The atmosphere is another key cast of the movie. Shot mostly under artificial light, the yellow cast of the sodium vapor lamps brings a sense of hopelessness and loss. The playground with its abandoned merry-go-round under snow accentuates the despondent mood.

As a horror movie there are a few cringe-worthy scenes, but no where close to a what a classic horror flick would demand. And even in the couple of action scenes with the vampire, the movie chose to use CGI, doing so very badly. The tempo of the movie is a slow ponderous exploration of the world from a child's point of view, with brief blocks of mystery and horror.

Do not watch if you are looking for an action horror flick. If you liked the original, you should probably have a go at this as well. And if you are looking for an alternate intelligent vampire movie, with no glistening, this is a must see.

October 03, 2010

The Town

The Town

An unexpected romance trips the otherwise hardened & capable bank robber with robin-hood like morals. Despite the weak, almost cliché, plot to the movie The Town, Ben Affleck's new flick set in Boston is an engaging narrative with an almost plausible ending.

The Town is a classic cops and robbers tale. Ben Affleck as Doug MacRay leads a gang of four bank robbers, who specialize in wearing distinct masks during their heists. During one such hold-up, they end up holding hostage the manager of a bank - Claire Keesey played by Rebecca Hall. Hot on their heels is the FBI fronted by Jon Hamm as Adam Frawley. Wanting to make sure that the hostage cannot identify them, Doug contacts her separately, and ends up falling for her. As the gang decide to pull one last job and the FBI are within indicting distance, Doug has to choose between staying true to his childhood friends and leaving it all for the girl he fell in love with.

Feels like you have seen it before, doesn't it? The plot is not what makes the movie great, but the tight action scenes, interspersed with real dialogues between well-fleshed out characters makes it entertaining. Doug is a nuanced character, who comes across as a "nice guy" despite having bank robbery on his resume. He is ably supported by his childhood friend, James Coughlin, who does well to portray a machoism tinged lunatic. Jim is the perfect foil to bring out the sanity of Doug.

The robbery scenes are well staged, with several parts of the resulting car chase scenes shot from a claustrophobic in-car point of view. There is a gritty urban feeling to Boston and Charlestown (a la The Departed), which does well to contemporise the setting.

If crime drama is your thing, this is a must-watch. Alternately if you are looking for a good date-movie, this may not necessarily be a bad pick.

October 02, 2010

Arrested Development

Now the story of a wealthy family who lost everything - and the one son who had no choice but to keep them all together. It's Arrested Development.

The familiar refrain, by the omniscient narrator (uncredited Ron Howard) kicks of every episode of this hilarious sitcom. The story revolves around the seriously dysfunctional antics and relationships of Bluth family. A successful entrepreneurial family, the show begins as the patriarch is arrested for financial malfeasance, that evolves into borderline treason. Matters then fall to the one good son, Michael, who tries to take control of the business, put an end to nepotism and corruption, and continue to feed off familial dysfunction.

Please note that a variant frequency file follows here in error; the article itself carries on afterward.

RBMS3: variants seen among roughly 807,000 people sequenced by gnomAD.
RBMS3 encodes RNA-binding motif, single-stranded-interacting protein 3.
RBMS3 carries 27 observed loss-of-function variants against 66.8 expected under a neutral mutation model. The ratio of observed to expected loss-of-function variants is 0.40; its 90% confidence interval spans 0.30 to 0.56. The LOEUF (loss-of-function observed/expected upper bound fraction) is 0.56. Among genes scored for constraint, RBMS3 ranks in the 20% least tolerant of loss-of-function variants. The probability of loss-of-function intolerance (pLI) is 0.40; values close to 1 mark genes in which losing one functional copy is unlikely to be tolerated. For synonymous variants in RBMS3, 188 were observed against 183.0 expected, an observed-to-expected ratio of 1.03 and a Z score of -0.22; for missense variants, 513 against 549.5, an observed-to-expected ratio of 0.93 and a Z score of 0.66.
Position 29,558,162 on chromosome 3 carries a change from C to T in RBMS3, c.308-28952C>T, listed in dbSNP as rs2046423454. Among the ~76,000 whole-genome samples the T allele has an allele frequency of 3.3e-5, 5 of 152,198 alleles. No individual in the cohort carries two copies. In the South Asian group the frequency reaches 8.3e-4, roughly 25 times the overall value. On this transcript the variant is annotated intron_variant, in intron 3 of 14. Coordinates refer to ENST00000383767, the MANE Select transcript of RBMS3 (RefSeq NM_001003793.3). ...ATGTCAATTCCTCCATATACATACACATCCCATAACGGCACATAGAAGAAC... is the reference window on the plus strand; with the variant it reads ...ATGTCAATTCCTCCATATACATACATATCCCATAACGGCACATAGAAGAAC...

Michael's snobbish mother, Lucille, finds herself unable to maintain her lifestyle without the easy checkbook of the business to sustain it. Michael's two brothers, GOB and Buster, find themselves absolutely incapable of being helpful, and unable to realize that. His sister Lindsay with her husband Tobias and her daughter Maeby move from Boston to be part of the family, mostly because loser Tobias decides to become an actor. And finally there is George-Michael, Michael's son, who is struggling to balance his admiration for his father, with his own growing physical and emotional needs.

The show is great because of its deeply flawed characters. And through the three seasons of the show, the characters don't evolve much. Yet somehow the flaws are examined and clarified enough to make you accept them for who they are. Justifying the flaws of the characters, to make the audience discount them is, in my mind, the biggest achievement of the show.

Seeing beyond the flaws of the characters, allows the subtle situational comedy to shine through. The show is shot is quasi-documentary style, with hand-held cameras, no laugh-track and an intrusive commentator. A rapid back-and-forth dialog rich in wordplay ties it all together. Conversations and misunderstandings, do more to move the story forward, than dramatic plot elements. Of course the undercurrent of the taboo - incest and infidelity pitch in to help with the story when nothing else seems to happen.

There are several recurring hilarious elements in the story. One of the best is the "Chicken Dance" practiced by the family members. Each family member has their own unique interpretation of the dance when they decide to employ it to bait someone into attempting something that is bound for failure. And when failure does come to pass, there is always the confession "I've made a huge mistake".

The show suffered from classic slow uptake by the audience, in spite of critical acclaim. Eventually success however came, when the show went to DVD and lately to Netflix instant watch, which is where I got to watch it. With the rumors of a feature film, this is probably the best time to watch the three seasons of the show in preparation for the upcoming grand finale.

October 01, 2010